We take our puppy out every 2-3 hours or so (if we can) during the day, and also every time he’s been playing, sleeping, or is being let out of his crate. He is doing great w/ housebreaking, and I think a big part of this is because we make sure he gets LOTS of play time, and at least one decent-length walk per day. I take him out for the last time in the evening around midnight, then give him a treat to go in his crate w/ a couple toys, and he’s able to hold it/sleep until around 5:30 am when I get up for work. It is very important that your puppy gets lots and lots of active time, so when it comes time to go in his crate, he (and you!) will be able to sleep through the night.
Gratuitous puppy pic (he’s almost 2 lbs now–gettin big!):
Post # 14
Meowkers: I see where you are coming from with the thing about the dog being in control with him waking you up. But at the same time as long as they know that if they wake you up they get to go outside, do their business, and go back in the crate. No attention and no play. If they don’t do anything outside they go straight back to the crate! So with this method there is very little control that the dog has over the situation!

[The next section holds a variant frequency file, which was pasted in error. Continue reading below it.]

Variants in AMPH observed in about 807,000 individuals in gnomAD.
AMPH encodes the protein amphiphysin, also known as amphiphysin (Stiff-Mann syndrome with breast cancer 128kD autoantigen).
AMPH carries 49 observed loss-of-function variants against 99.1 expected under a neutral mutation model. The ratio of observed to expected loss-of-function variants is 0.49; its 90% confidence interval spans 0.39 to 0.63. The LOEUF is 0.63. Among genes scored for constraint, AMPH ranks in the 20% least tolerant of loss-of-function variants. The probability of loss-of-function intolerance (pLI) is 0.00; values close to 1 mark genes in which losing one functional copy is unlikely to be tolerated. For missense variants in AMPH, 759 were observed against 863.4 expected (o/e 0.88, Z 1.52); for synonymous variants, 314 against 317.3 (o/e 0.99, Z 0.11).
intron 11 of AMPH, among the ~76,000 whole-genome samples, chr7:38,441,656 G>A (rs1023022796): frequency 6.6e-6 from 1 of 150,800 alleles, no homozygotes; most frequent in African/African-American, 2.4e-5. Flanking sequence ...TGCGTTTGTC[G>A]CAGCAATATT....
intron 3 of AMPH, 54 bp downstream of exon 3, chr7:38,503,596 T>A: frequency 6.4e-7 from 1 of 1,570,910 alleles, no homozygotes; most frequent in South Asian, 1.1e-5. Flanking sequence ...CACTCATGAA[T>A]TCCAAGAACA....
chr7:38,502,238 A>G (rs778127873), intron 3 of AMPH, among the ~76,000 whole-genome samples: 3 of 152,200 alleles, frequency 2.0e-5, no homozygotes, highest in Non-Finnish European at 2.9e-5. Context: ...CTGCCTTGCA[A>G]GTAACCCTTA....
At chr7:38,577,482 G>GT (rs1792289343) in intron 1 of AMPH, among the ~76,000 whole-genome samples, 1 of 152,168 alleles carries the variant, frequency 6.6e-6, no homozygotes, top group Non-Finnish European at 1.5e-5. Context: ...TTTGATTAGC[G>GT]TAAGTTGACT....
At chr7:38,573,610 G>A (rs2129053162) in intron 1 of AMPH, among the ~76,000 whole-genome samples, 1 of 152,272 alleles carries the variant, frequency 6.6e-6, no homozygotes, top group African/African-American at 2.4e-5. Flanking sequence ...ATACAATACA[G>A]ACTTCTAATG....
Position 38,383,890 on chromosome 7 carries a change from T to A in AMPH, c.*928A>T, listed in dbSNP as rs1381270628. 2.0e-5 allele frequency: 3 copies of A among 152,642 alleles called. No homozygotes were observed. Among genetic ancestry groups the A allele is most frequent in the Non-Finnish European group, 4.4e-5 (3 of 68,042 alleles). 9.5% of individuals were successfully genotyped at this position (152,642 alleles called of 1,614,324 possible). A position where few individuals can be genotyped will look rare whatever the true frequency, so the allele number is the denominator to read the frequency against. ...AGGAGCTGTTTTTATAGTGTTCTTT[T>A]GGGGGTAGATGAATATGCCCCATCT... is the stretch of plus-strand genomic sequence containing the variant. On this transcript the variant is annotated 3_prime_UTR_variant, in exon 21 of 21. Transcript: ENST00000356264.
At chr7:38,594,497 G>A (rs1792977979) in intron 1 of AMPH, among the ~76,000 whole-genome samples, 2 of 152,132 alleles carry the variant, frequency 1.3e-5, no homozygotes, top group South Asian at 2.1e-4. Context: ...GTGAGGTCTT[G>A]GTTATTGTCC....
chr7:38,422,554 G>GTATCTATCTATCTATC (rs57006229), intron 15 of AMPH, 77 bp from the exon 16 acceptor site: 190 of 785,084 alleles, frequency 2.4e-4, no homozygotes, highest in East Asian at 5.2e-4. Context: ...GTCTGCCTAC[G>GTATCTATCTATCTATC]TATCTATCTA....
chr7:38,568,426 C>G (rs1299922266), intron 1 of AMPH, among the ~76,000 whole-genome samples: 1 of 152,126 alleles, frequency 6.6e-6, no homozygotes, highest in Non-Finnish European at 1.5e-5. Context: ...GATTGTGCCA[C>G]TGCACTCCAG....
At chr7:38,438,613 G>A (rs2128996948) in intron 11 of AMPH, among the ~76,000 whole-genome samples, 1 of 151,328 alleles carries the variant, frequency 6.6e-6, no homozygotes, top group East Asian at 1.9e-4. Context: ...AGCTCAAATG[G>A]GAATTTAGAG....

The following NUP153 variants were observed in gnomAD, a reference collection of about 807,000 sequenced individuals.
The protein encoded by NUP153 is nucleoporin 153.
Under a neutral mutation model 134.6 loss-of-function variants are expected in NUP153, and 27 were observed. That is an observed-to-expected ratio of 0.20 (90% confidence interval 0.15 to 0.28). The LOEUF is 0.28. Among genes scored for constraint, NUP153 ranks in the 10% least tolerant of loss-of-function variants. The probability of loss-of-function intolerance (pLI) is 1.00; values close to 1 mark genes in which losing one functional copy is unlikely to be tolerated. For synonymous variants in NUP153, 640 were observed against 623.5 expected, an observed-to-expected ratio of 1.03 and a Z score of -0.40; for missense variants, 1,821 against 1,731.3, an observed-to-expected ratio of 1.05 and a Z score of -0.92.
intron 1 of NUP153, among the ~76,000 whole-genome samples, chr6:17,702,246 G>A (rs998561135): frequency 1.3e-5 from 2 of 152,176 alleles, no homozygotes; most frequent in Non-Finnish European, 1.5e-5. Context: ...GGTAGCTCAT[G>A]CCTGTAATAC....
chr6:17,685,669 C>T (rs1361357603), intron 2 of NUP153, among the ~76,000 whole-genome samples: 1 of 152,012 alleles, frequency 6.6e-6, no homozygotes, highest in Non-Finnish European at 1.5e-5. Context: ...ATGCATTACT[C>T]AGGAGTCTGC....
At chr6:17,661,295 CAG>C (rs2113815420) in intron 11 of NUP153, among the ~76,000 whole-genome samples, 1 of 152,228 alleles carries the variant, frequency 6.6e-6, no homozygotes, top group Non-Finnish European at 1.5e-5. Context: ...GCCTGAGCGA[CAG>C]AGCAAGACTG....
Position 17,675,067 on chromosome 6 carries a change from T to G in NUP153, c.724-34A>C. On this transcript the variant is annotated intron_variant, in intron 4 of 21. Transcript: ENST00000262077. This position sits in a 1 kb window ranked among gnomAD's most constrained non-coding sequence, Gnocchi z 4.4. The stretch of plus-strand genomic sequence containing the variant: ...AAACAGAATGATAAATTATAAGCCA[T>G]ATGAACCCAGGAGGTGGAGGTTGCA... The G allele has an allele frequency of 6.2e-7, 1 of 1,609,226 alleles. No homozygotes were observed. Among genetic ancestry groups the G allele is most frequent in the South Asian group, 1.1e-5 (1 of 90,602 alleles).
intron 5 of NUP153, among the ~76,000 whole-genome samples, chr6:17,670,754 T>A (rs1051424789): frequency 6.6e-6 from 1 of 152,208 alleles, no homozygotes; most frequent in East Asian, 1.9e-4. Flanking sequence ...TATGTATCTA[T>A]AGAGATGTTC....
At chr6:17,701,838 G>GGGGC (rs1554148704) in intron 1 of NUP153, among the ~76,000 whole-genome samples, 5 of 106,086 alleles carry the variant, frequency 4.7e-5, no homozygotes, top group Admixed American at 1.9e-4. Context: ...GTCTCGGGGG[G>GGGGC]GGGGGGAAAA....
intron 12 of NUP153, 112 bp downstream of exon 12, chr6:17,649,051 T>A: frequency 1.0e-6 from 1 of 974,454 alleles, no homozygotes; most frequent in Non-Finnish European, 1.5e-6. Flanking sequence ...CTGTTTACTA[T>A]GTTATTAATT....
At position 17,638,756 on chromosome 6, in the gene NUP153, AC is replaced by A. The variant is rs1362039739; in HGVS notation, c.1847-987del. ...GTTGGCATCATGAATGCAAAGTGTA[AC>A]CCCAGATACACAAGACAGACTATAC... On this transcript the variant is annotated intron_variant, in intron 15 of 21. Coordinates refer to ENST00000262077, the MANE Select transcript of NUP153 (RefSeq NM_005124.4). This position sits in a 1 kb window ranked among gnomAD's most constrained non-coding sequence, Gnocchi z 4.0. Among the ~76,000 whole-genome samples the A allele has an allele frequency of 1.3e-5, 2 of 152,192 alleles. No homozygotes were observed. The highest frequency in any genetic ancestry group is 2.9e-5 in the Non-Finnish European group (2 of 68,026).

Post # 16
@dncartier: Agreed. Early on we had issues when we rushed our pups. We have to be sure to give them enough time to wake up, sniff around, explore and then do their business….otherwise we end up with problems.
Post # 15
@meowkers: I would keep your schedule of waking up and taking him out. Try not to let him wake you up or he can learn crying=out of crate. No hugs, no puppy talk, no snuggles– just outside to potty and back to bed in the crate. Also, try staying outside for a bit longer. When they are little, they sometimes won’t completely empty their bladder. They can also learn that if they go (at all), they will get to go back inside. If he’s sleepy that might be what he wants, so he might need another minute to wake up and finish his business. ♥